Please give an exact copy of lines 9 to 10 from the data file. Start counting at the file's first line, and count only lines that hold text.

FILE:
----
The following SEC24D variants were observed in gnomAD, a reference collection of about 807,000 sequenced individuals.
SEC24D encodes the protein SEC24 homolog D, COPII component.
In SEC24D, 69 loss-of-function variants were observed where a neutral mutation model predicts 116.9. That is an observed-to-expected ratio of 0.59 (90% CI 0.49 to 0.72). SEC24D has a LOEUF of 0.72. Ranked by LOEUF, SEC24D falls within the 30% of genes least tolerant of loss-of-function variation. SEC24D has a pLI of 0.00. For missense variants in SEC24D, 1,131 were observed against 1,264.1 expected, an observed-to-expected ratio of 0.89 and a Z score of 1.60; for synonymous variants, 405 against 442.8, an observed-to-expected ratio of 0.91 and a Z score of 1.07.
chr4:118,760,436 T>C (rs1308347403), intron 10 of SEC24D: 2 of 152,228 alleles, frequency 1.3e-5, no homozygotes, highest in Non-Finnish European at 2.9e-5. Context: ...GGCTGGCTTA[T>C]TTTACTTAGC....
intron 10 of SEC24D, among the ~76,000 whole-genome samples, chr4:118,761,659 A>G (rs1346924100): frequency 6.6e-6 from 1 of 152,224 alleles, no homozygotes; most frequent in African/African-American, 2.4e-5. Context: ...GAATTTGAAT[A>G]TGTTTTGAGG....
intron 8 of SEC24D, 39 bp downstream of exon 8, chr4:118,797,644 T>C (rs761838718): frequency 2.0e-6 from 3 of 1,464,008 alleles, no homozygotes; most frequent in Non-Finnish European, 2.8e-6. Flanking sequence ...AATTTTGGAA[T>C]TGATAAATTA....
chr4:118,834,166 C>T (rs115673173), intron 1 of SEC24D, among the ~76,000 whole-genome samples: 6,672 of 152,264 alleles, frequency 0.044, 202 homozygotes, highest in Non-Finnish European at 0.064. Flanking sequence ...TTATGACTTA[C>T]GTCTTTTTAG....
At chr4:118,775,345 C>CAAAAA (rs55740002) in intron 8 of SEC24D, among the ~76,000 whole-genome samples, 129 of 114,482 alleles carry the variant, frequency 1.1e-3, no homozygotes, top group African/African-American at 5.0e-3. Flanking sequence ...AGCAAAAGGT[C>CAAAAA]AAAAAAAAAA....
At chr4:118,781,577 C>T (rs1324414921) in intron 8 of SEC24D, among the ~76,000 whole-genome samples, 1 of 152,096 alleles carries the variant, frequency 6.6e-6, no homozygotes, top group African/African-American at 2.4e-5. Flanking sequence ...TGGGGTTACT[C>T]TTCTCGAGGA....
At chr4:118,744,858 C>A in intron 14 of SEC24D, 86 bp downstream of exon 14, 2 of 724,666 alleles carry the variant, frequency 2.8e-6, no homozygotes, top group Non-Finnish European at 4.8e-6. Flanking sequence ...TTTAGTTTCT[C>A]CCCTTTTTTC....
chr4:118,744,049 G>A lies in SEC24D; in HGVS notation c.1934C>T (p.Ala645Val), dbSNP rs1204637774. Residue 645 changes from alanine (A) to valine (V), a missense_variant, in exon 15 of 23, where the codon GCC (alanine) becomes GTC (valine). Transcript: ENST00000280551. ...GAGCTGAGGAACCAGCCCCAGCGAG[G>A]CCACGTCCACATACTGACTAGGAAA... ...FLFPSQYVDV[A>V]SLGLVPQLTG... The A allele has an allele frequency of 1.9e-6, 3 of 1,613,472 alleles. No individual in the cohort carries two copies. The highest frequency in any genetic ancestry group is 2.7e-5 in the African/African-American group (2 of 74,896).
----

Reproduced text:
At chr4:118,781,577 C>T (rs1324414921) in intron 8 of SEC24D, among the ~76,000 whole-genome samples, 1 of 152,096 alleles carries the variant, frequency 6.6e-6, no homozygotes, top group African/African-American at 2.4e-5. Flanking sequence ...TGGGGTTACT[C>T]TTCTCGAGGA....
At chr4:118,744,858 C>A in intron 14 of SEC24D, 86 bp downstream of exon 14, 2 of 724,666 alleles carry the variant, frequency 2.8e-6, no homozygotes, top group Non-Finnish European at 4.8e-6. Flanking sequence ...TTTAGTTTCT[C>A]CCCTTTTTTC....